Francesca Tomasi received her B.A. from the University of Chicago and now does microbiology research.
Tuberculosis is a leading global infectious killer, and it has been since the dawn of humanity. Infective Perspective’s Story of Tuberculosis outlines the history of this deadly bacterium, and our story about today’s quest for global eradication sheds a light on TB’s future. Most present-day efforts against tuberculosis revolve around the fact that the disease is predominantly respiratory: it is transmitted in the air (through coughing, sneezing, and other aerosolized fomites); over 80% of infections occur in the lungs.
Earlier this week, researchers published a new finding: an emerging strain of tuberculosis has evolved a cunning method of transmission in mongooses that gives a new face to the term “fecal-oral.” This strain, called Mycobacterium mungi, is a member of the Mycobacterium tuberculosis complex and was discovered in Northern Botswana. It spreads between mongooses via nasal planum exposure to anal gland secretions, also known as the mongoose method of communication.
Animals mark their territories by urinating, thereby also secreting other kinds of substances. In the case of M. mungi-infected mongooses, their anal gland secretions leave the bacteria in a protective oily coating, where they can survive in nature (for how long, we’re not quite sure yet). The paramount notion of territoriality in nature ensures that other mongooses will come sniffing around. Any animal with a minor scrape or cut on its snout – the nasal planum – provides a point of entry for the bacteria. Advanced disease infiltrates and damages the lungs the way human tuberculosis does, eventually killing the infected animal.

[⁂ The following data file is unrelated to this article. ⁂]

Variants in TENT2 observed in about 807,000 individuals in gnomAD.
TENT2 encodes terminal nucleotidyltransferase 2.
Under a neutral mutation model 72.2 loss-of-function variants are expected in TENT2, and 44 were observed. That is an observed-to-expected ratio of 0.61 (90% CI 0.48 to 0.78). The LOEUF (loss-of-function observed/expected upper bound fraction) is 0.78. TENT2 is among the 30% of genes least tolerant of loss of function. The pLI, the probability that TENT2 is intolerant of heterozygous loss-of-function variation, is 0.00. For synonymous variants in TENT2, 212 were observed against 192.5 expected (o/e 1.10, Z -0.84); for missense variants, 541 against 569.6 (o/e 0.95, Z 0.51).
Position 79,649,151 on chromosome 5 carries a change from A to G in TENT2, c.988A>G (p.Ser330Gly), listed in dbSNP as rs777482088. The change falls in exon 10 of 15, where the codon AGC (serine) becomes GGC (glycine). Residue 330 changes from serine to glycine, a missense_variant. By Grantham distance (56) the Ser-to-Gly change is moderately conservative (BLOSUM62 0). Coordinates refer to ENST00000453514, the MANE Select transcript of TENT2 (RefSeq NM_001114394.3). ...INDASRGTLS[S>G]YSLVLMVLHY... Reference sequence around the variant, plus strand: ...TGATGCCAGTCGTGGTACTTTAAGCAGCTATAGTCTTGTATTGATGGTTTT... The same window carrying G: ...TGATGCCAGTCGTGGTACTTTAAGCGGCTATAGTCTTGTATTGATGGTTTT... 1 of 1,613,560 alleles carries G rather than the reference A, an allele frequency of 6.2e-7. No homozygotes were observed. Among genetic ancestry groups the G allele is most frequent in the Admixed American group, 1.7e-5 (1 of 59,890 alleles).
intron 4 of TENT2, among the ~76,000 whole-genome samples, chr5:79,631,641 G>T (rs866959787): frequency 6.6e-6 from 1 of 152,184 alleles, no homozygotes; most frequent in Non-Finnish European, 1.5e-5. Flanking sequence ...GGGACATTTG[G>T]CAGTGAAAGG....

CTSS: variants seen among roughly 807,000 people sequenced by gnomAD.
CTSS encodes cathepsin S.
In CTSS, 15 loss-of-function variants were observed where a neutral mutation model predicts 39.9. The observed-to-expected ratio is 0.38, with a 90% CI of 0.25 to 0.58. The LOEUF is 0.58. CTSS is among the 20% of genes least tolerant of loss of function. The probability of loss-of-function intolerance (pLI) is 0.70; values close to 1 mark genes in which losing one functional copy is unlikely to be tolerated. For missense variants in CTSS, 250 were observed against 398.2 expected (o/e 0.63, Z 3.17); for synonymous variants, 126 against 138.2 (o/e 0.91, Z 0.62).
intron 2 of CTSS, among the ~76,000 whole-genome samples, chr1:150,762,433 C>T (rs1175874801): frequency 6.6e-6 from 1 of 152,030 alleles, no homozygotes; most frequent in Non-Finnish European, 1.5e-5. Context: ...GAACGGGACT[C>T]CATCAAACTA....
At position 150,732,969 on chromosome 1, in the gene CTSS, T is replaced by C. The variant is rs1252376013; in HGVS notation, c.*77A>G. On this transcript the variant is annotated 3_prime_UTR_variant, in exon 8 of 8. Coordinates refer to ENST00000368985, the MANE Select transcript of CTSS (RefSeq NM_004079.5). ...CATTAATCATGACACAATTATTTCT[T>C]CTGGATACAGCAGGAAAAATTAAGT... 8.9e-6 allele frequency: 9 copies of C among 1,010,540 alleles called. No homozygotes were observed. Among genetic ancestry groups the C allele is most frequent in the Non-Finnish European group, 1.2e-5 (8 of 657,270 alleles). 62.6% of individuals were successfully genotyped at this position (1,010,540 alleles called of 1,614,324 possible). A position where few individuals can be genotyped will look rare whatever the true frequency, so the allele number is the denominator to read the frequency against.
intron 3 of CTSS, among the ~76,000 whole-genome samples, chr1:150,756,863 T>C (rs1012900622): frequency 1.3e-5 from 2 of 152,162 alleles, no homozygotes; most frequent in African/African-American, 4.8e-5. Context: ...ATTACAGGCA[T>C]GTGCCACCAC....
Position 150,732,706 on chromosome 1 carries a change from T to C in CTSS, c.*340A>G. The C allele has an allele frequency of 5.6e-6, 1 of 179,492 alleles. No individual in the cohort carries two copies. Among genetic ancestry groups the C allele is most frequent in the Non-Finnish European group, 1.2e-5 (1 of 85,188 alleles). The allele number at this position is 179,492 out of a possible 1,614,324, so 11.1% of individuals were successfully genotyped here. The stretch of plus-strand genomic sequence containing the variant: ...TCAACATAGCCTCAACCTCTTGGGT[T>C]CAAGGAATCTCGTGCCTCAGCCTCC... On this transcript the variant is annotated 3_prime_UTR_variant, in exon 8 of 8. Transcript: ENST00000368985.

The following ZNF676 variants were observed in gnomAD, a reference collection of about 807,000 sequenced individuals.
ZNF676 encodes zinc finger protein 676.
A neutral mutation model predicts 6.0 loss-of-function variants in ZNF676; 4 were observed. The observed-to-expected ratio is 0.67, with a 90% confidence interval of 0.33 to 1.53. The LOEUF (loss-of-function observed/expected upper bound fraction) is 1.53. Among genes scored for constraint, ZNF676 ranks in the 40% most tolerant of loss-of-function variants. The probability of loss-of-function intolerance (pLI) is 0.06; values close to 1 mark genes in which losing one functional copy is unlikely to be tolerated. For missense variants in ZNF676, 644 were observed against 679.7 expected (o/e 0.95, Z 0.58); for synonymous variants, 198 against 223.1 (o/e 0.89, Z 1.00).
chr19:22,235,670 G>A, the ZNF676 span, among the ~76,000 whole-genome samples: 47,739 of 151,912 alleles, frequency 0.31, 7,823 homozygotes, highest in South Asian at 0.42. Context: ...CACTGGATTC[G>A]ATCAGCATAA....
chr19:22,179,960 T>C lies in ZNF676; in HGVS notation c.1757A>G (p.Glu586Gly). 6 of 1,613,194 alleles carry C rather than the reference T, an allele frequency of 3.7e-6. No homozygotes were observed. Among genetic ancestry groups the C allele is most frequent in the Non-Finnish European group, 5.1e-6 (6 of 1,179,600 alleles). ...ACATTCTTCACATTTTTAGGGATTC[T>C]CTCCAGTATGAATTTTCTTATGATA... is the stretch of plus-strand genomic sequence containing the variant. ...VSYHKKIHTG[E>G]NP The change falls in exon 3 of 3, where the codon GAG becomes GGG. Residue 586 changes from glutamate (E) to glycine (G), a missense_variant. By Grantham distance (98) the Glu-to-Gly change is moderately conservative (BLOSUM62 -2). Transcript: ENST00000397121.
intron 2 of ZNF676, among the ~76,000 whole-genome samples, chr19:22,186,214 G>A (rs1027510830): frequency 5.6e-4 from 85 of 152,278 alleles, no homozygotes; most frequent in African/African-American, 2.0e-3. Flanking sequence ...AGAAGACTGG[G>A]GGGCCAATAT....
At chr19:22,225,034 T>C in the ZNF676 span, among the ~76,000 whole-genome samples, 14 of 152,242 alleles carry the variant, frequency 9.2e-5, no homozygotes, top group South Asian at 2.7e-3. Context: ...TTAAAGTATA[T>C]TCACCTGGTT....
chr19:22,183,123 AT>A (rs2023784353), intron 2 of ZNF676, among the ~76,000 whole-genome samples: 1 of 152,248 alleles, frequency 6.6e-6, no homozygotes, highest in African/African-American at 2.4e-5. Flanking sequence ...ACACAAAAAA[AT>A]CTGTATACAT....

This newly-identified mechanism for TB transmission has potentially serious implications: livestock tuberculosis is a very real concern both for wildlife and humans. Researchers now have another physiological route to look for TB while investigating outbreaks. Humans communicate by talking, and those with tuberculosis generate aerosolized bacteria when they do anything that produces spit. Many animals communicate instead by marking their territories through urination, and now a new strain of TB has been shown to spread by this system. Tuberculosis is quite the social disease.